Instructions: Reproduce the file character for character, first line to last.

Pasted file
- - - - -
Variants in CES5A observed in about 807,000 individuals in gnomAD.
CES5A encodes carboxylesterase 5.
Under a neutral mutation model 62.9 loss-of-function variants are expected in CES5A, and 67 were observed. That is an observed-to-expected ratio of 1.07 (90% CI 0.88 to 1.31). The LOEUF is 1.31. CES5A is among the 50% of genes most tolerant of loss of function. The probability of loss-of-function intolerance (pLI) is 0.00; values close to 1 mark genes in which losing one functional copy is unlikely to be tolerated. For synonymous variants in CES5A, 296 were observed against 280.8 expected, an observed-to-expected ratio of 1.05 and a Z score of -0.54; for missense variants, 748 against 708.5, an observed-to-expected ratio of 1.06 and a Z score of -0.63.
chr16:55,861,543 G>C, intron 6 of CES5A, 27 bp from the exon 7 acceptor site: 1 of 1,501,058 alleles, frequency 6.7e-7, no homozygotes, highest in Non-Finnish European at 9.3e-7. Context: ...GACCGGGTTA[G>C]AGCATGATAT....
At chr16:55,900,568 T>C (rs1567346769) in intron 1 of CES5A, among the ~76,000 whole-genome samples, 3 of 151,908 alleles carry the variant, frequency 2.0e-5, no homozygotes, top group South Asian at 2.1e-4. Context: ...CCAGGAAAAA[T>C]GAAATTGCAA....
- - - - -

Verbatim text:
Variants in CES5A observed in about 807,000 individuals in gnomAD.
CES5A encodes carboxylesterase 5.
Under a neutral mutation model 62.9 loss-of-function variants are expected in CES5A, and 67 were observed. That is an observed-to-expected ratio of 1.07 (90% CI 0.88 to 1.31). The LOEUF is 1.31. CES5A is among the 50% of genes most tolerant of loss of function. The probability of loss-of-function intolerance (pLI) is 0.00; values close to 1 mark genes in which losing one functional copy is unlikely to be tolerated. For synonymous variants in CES5A, 296 were observed against 280.8 expected, an observed-to-expected ratio of 1.05 and a Z score of -0.54; for missense variants, 748 against 708.5, an observed-to-expected ratio of 1.06 and a Z score of -0.63.
chr16:55,861,543 G>C, intron 6 of CES5A, 27 bp from the exon 7 acceptor site: 1 of 1,501,058 alleles, frequency 6.7e-7, no homozygotes, highest in Non-Finnish European at 9.3e-7. Context: ...GACCGGGTTA[G>C]AGCATGATAT....
At chr16:55,900,568 T>C (rs1567346769) in intron 1 of CES5A, among the ~76,000 whole-genome samples, 3 of 151,908 alleles carry the variant, frequency 2.0e-5, no homozygotes, top group South Asian at 2.1e-4. Context: ...CCAGGAAAAA[T>C]GAAATTGCAA....